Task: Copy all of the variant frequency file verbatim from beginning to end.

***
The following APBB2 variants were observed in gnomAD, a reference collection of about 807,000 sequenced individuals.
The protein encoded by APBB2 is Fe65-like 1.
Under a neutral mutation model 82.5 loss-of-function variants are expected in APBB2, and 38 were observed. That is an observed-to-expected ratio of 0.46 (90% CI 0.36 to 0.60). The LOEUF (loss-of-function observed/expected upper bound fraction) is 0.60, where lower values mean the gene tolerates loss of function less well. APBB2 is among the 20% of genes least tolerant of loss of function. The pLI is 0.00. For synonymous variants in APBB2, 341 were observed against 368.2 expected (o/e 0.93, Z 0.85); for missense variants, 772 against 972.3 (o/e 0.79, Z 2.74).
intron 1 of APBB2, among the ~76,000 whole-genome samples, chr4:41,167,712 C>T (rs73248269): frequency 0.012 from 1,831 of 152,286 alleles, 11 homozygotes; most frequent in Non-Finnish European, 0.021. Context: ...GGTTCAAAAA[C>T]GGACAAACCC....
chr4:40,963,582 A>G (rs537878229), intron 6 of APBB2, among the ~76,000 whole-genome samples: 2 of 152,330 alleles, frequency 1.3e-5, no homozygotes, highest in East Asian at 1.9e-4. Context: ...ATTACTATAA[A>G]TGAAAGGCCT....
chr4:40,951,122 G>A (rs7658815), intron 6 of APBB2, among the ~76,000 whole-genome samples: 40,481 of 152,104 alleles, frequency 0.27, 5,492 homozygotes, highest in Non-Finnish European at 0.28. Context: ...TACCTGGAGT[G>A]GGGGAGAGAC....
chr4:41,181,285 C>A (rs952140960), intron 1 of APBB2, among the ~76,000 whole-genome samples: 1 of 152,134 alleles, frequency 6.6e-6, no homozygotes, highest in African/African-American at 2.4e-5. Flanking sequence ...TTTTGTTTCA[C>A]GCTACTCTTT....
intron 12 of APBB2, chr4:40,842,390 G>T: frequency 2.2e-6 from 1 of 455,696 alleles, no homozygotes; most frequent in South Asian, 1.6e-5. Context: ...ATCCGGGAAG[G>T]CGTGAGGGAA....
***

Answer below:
The following APBB2 variants were observed in gnomAD, a reference collection of about 807,000 sequenced individuals.
The protein encoded by APBB2 is Fe65-like 1.
Under a neutral mutation model 82.5 loss-of-function variants are expected in APBB2, and 38 were observed. That is an observed-to-expected ratio of 0.46 (90% CI 0.36 to 0.60). The LOEUF (loss-of-function observed/expected upper bound fraction) is 0.60, where lower values mean the gene tolerates loss of function less well. APBB2 is among the 20% of genes least tolerant of loss of function. The pLI is 0.00. For synonymous variants in APBB2, 341 were observed against 368.2 expected (o/e 0.93, Z 0.85); for missense variants, 772 against 972.3 (o/e 0.79, Z 2.74).
intron 1 of APBB2, among the ~76,000 whole-genome samples, chr4:41,167,712 C>T (rs73248269): frequency 0.012 from 1,831 of 152,286 alleles, 11 homozygotes; most frequent in Non-Finnish European, 0.021. Context: ...GGTTCAAAAA[C>T]GGACAAACCC....
chr4:40,963,582 A>G (rs537878229), intron 6 of APBB2, among the ~76,000 whole-genome samples: 2 of 152,330 alleles, frequency 1.3e-5, no homozygotes, highest in East Asian at 1.9e-4. Context: ...ATTACTATAA[A>G]TGAAAGGCCT....
chr4:40,951,122 G>A (rs7658815), intron 6 of APBB2, among the ~76,000 whole-genome samples: 40,481 of 152,104 alleles, frequency 0.27, 5,492 homozygotes, highest in Non-Finnish European at 0.28. Context: ...TACCTGGAGT[G>A]GGGGAGAGAC....
chr4:41,181,285 C>A (rs952140960), intron 1 of APBB2, among the ~76,000 whole-genome samples: 1 of 152,134 alleles, frequency 6.6e-6, no homozygotes, highest in African/African-American at 2.4e-5. Flanking sequence ...TTTTGTTTCA[C>A]GCTACTCTTT....
intron 12 of APBB2, chr4:40,842,390 G>T: frequency 2.2e-6 from 1 of 455,696 alleles, no homozygotes; most frequent in South Asian, 1.6e-5. Context: ...ATCCGGGAAG[G>T]CGTGAGGGAA....